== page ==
Famous Firsts: Apocalyptica

We caught up with Apocalyptica cello superstar Eicca Toppinen to talk about discovering rockabilly by accident, touring with Metallica and splitting up back in the ‘90s.

What was the first album that you ever bought?

“The first album I got was a cassette tape in 1982, when I was seven years old. My father was working for this company, and the people who worked there had this special store where they could get food and all this kind of stuff, and I saw this cassette there. On the cover there was only a flag of the southern part of the United States. I thought it was cool because I lived in a suburb of Helsinki and there were all these big, bad guys who had those flags on their jackets, and as I was only seven years old I didn’t know what it meant. I just thought it looked cool so I bought it. The music inside was rockabilly. I can’t remember exactly the feeling that I had when I played it for the first time, but I remember I liked at least two of the tracks and that’s about it. I couldn’t even tell you who or what it was. I was so young, you know. The first CD I got was classical, surprisingly. It was a recording of the 7th Symphony by Dmitri Shostakovich and it was some kind of Russian recording – really nice. I still have that CD, I think I actually still have that cassette as well. Maybe I should check and see who it was, so next time I know ha ha. But as it goes, I haven’t seen the tape for over 20 years.”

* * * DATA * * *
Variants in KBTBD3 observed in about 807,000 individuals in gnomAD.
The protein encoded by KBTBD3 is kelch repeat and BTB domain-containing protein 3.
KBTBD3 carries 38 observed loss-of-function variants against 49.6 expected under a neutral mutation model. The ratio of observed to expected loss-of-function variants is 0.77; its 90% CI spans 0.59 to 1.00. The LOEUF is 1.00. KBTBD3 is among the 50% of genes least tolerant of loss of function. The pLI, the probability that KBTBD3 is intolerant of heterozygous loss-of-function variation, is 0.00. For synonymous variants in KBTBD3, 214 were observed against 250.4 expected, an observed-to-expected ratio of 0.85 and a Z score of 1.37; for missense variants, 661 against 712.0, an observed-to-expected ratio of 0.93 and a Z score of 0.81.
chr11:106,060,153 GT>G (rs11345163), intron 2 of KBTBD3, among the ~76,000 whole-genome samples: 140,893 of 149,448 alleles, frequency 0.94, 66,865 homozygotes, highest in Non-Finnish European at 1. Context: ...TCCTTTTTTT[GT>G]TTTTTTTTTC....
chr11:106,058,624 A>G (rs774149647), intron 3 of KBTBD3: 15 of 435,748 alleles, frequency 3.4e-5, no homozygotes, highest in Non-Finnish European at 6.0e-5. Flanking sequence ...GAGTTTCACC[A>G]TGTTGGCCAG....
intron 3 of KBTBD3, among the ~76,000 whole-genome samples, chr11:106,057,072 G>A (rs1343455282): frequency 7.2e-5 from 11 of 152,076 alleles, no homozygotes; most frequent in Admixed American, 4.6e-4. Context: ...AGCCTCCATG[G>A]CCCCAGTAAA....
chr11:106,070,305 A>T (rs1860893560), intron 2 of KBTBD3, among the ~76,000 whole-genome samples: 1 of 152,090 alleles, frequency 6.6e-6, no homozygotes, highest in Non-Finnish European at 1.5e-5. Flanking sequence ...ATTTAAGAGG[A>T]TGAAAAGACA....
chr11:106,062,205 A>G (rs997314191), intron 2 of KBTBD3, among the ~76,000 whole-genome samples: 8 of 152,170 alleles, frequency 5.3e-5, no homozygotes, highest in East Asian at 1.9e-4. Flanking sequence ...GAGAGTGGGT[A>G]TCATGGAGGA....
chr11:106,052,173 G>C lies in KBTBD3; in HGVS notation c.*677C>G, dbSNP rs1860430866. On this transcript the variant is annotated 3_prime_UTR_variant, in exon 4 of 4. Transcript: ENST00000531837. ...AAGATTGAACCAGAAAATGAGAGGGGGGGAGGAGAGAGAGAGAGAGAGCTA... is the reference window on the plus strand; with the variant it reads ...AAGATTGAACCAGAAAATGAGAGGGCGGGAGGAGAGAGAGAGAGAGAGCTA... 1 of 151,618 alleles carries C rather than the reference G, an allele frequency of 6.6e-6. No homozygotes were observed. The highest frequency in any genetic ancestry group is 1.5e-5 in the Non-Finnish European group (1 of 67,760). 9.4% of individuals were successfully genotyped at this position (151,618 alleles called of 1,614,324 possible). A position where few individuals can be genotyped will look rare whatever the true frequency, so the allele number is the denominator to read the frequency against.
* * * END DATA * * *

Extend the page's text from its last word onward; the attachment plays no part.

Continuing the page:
What was the first single that you ever bought?